• If T° >38°C or T° >37.5°C on separate occasions, 1-2h apart, or the patient is toxic, assume septicaemia and start blind broad spectrum antibiotics, eg antipseudomonal penicillin/cephalosporin and aminoglycoside. Vancomycin (p371) may be added if suspected Hickman line sepsis. Check local preferences.
  • Continue antibiotics until afebrile for 72 hours or 5d course, and until neutrophils recover (>0.5×109/L). If fever persists despite antibiotics, consider CMV or fungal infection (eg Candida or Aspergillus, p428).
  • May need to consider treatment for Pneumocystis (see p399 eg co-trimoxazole =trimethoprim 20mg/kg with sulfamethoxazole 100mg/kg per day PO/IV in 2-4 divided doses). Also remember TB.
  • Genetically engineered recombinant human granulocyte-colony stimulating factor (G-CSF) may be used to stimulate neutrophil production. Follow local guidelines, and seek expert advice.

Other dangers • Tumour lysis syndrome: Caused by a massive destruction of cells leading to K+↑, urate↑ and renal impairment. Prevent by giving a high fluid intake + allopurinol pre-cytotoxics. For patients at high risk of cell lysis, eg children with high count ALL, recombinant uricase (rasburicase) may be given. Seek advice. • Hyperviscosity: (p356). If WCC is >100 × 109/L WBC thrombi may form in brain, lung, and heart (leucostasis). Avoid transfusing before lowering WCC, eg with hydroxycarbamide or leucopheresis, as viscosity rises (risk of leucostasis ↑). • Disseminated intravascular coagulation (DIC): This is pathological widespread activation of coagulation, due to release of procoagulant agents into the circulation. Clotting factors and platelets are consumed, with ↑risk of bleeding. Fibrin strands fill small vessels, haemolysing passing RBCs, and fibrinolysis is also activated. Causes: Malignancy, sepsis, trauma, obstetric: OHCS p88. Signs: Extensive bruising, bleeding anywhere eg recent venepuncture sites, renal failure. Tests: Platelets↓; PT↑; APTT↑; fibrinogen↓ (correlates best with severity); fibrin degradation products (D-dimers) ↑↑. Film: broken RBCs (schistocytes). [prescription take]: Treat the cause. Give replacement therapy: platelets if <50×109/L, cryoprecipitate to replace fibrinogen, FFP to replace coagulation factors. Heparin is controversial. Activated protein C reduces mortality in DIC with severe sepsis or multi-organ failure.image57 The use of alltransretinoic acid (ATRA) has significantly reduced the risk of DIC in acute promyelocytic leukaemia (the commonest leukaemia associated with DIC). P.337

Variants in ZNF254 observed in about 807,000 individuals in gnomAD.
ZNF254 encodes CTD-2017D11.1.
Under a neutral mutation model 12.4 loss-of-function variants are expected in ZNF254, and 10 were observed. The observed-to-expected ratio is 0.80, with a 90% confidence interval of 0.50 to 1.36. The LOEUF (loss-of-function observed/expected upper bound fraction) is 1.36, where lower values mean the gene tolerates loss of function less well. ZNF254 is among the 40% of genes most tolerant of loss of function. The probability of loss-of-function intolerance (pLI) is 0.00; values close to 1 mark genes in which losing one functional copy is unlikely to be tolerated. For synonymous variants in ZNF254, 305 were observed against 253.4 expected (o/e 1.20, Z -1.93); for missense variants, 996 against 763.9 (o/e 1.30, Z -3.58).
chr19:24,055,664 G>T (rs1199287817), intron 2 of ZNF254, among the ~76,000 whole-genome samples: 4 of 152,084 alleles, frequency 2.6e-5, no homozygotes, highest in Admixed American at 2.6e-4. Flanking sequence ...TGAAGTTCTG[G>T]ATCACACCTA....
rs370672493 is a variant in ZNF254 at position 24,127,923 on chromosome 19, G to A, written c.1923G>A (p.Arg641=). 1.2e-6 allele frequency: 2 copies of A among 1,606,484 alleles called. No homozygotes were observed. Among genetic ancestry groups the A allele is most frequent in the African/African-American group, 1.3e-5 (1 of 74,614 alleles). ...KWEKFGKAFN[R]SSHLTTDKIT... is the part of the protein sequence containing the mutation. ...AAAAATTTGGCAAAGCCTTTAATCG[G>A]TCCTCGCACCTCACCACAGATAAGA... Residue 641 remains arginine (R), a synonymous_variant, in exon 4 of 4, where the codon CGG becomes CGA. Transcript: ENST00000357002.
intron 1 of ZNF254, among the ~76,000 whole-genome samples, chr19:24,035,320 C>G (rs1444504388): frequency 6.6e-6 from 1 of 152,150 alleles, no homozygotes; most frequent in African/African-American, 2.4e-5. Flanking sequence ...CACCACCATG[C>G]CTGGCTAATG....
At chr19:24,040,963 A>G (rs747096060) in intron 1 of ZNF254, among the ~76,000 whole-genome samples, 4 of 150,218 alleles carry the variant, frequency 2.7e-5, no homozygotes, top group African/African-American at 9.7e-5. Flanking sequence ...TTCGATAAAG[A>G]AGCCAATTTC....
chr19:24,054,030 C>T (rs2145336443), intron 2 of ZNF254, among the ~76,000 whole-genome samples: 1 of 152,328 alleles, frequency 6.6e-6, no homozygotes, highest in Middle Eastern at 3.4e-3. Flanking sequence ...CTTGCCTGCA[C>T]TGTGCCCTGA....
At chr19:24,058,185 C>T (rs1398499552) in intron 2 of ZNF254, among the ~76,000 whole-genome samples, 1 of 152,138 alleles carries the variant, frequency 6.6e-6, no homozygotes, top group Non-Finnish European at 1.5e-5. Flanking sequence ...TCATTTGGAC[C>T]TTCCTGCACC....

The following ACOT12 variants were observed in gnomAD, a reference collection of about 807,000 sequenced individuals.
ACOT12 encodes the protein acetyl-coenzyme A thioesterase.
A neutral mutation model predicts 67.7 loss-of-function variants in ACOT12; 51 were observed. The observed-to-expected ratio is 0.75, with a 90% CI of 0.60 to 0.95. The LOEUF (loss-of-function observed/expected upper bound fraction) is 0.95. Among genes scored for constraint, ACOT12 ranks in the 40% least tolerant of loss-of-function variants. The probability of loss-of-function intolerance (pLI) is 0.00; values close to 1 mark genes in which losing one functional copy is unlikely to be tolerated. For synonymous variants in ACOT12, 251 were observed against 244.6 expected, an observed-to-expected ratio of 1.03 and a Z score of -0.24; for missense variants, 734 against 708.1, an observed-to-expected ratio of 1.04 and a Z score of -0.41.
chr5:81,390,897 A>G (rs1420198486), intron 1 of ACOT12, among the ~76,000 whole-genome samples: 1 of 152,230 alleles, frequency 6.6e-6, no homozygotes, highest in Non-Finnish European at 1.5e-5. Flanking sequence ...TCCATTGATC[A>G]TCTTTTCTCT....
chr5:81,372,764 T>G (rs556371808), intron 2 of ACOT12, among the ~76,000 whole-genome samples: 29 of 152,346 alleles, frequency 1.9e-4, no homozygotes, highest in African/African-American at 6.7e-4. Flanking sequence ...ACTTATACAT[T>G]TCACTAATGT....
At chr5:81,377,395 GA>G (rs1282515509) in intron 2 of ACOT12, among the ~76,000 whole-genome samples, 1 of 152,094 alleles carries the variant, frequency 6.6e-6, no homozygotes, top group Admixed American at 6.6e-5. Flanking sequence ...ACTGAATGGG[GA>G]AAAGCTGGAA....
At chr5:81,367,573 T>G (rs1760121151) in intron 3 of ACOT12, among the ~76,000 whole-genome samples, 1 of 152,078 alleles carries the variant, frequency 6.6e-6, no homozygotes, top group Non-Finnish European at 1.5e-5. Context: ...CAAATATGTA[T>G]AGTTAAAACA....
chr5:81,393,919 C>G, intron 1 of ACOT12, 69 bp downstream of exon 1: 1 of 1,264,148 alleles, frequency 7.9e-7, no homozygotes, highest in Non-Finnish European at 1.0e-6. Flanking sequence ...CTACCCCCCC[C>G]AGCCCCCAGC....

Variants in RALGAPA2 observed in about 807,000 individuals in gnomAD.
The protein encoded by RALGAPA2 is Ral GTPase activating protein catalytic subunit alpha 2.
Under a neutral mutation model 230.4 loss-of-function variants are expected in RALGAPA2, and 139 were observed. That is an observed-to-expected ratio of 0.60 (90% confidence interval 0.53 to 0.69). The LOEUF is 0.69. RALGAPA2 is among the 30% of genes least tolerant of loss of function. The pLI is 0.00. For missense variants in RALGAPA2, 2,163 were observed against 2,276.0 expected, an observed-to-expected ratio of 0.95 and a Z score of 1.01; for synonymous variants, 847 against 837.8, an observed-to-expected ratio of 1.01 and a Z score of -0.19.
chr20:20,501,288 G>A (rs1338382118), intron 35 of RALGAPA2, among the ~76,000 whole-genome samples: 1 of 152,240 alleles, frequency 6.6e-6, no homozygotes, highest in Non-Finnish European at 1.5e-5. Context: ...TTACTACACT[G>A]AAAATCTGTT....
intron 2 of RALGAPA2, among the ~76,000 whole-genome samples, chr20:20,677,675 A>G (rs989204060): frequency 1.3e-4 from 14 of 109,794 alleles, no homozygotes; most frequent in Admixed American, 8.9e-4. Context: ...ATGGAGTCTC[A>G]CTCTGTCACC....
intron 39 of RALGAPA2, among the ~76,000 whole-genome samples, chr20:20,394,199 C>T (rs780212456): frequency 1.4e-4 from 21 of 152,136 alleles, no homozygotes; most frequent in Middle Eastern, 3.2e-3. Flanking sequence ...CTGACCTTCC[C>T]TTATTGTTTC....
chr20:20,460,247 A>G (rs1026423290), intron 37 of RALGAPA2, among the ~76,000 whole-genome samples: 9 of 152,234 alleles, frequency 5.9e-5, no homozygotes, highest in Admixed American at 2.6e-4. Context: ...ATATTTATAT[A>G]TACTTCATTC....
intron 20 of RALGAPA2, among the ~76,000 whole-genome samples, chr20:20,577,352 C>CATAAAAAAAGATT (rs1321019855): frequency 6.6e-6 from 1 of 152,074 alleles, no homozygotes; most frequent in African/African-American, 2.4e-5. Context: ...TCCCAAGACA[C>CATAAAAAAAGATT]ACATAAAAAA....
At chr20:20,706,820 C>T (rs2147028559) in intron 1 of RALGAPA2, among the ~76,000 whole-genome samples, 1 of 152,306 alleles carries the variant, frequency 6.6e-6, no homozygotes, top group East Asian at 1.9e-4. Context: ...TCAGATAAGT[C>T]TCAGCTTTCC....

Leukaemias These are divided into 4 main types depending on the cell line involved and the speed of disease progression:

Lymphoid

Myeloid

Acute

Acute lymphoblastic leukaemia (ALL)

Acute myeloid leukaemia (AML)

Chronic

Chronic lymphocytic leukaemia (CLL)

Chronic myeloid leukaemia (CML)

Fig 1. The appearance of DIC on the sole.image58

P.338
Acute lymphoblastic leukaemia (ALL) This is a malignancy of lymphoid cells, affecting either B or T lymphocyte cell lines, arresting maturation and promoting uncontrolled proliferation of immature blast cells, with bone marrow failure and tissue infiltration. It is thought to develop from a combination of an environmental trigger in the presence of genetic susceptibility. In most cases these are unknown, but predisposing factors include ionizing radiation (eg X-rays) during pregnancy, and syndromes including Down’s.image59 It is the commonest cancer of childhood, and is rare in adults. CNS involvement is common. Classification is based on 3 systems:

  • Morphological The FAB1 system divides ALL into 3 types (L1, L2, L3) by microscopic appearance. Provides limited information.